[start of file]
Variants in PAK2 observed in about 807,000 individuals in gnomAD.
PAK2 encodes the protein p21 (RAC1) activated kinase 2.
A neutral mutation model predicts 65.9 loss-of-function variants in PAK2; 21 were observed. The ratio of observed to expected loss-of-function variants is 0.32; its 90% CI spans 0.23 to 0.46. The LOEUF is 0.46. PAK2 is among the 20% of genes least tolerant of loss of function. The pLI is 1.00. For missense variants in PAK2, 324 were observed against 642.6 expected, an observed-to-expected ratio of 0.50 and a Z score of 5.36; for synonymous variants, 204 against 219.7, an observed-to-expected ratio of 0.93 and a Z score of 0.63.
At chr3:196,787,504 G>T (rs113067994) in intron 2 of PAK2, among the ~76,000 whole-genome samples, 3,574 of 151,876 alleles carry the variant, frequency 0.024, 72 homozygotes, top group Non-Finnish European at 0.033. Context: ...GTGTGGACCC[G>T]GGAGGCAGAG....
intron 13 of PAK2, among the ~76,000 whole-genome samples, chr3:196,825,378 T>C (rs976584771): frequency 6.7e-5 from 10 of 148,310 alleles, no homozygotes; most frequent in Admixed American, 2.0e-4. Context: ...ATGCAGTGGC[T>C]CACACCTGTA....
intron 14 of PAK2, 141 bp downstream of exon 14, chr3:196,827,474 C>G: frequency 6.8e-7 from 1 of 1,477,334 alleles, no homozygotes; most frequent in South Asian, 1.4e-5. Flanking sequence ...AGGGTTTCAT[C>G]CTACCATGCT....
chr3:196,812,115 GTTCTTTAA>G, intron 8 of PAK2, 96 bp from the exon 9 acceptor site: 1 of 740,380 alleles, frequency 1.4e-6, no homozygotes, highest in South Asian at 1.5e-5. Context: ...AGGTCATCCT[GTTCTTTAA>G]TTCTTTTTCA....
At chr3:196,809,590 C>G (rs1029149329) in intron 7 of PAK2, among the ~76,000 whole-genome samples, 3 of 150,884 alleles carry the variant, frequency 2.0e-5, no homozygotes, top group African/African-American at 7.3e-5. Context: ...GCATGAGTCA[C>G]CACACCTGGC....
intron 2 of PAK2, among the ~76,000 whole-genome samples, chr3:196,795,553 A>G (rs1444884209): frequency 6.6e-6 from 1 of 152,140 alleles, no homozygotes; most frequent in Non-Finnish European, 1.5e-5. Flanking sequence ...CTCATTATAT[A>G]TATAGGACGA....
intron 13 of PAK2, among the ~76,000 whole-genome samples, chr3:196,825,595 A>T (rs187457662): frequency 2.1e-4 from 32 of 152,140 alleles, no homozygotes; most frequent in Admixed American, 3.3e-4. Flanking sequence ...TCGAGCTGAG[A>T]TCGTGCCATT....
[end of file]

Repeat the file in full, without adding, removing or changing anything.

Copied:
Variants in PAK2 observed in about 807,000 individuals in gnomAD.
PAK2 encodes the protein p21 (RAC1) activated kinase 2.
A neutral mutation model predicts 65.9 loss-of-function variants in PAK2; 21 were observed. The ratio of observed to expected loss-of-function variants is 0.32; its 90% CI spans 0.23 to 0.46. The LOEUF is 0.46. PAK2 is among the 20% of genes least tolerant of loss of function. The pLI is 1.00. For missense variants in PAK2, 324 were observed against 642.6 expected, an observed-to-expected ratio of 0.50 and a Z score of 5.36; for synonymous variants, 204 against 219.7, an observed-to-expected ratio of 0.93 and a Z score of 0.63.
At chr3:196,787,504 G>T (rs113067994) in intron 2 of PAK2, among the ~76,000 whole-genome samples, 3,574 of 151,876 alleles carry the variant, frequency 0.024, 72 homozygotes, top group Non-Finnish European at 0.033. Context: ...GTGTGGACCC[G>T]GGAGGCAGAG....
intron 13 of PAK2, among the ~76,000 whole-genome samples, chr3:196,825,378 T>C (rs976584771): frequency 6.7e-5 from 10 of 148,310 alleles, no homozygotes; most frequent in Admixed American, 2.0e-4. Context: ...ATGCAGTGGC[T>C]CACACCTGTA....
intron 14 of PAK2, 141 bp downstream of exon 14, chr3:196,827,474 C>G: frequency 6.8e-7 from 1 of 1,477,334 alleles, no homozygotes; most frequent in South Asian, 1.4e-5. Flanking sequence ...AGGGTTTCAT[C>G]CTACCATGCT....
chr3:196,812,115 GTTCTTTAA>G, intron 8 of PAK2, 96 bp from the exon 9 acceptor site: 1 of 740,380 alleles, frequency 1.4e-6, no homozygotes, highest in South Asian at 1.5e-5. Context: ...AGGTCATCCT[GTTCTTTAA>G]TTCTTTTTCA....
At chr3:196,809,590 C>G (rs1029149329) in intron 7 of PAK2, among the ~76,000 whole-genome samples, 3 of 150,884 alleles carry the variant, frequency 2.0e-5, no homozygotes, top group African/African-American at 7.3e-5. Context: ...GCATGAGTCA[C>G]CACACCTGGC....
intron 2 of PAK2, among the ~76,000 whole-genome samples, chr3:196,795,553 A>G (rs1444884209): frequency 6.6e-6 from 1 of 152,140 alleles, no homozygotes; most frequent in Non-Finnish European, 1.5e-5. Flanking sequence ...CTCATTATAT[A>G]TATAGGACGA....
intron 13 of PAK2, among the ~76,000 whole-genome samples, chr3:196,825,595 A>T (rs187457662): frequency 2.1e-4 from 32 of 152,140 alleles, no homozygotes; most frequent in Admixed American, 3.3e-4. Flanking sequence ...TCGAGCTGAG[A>T]TCGTGCCATT....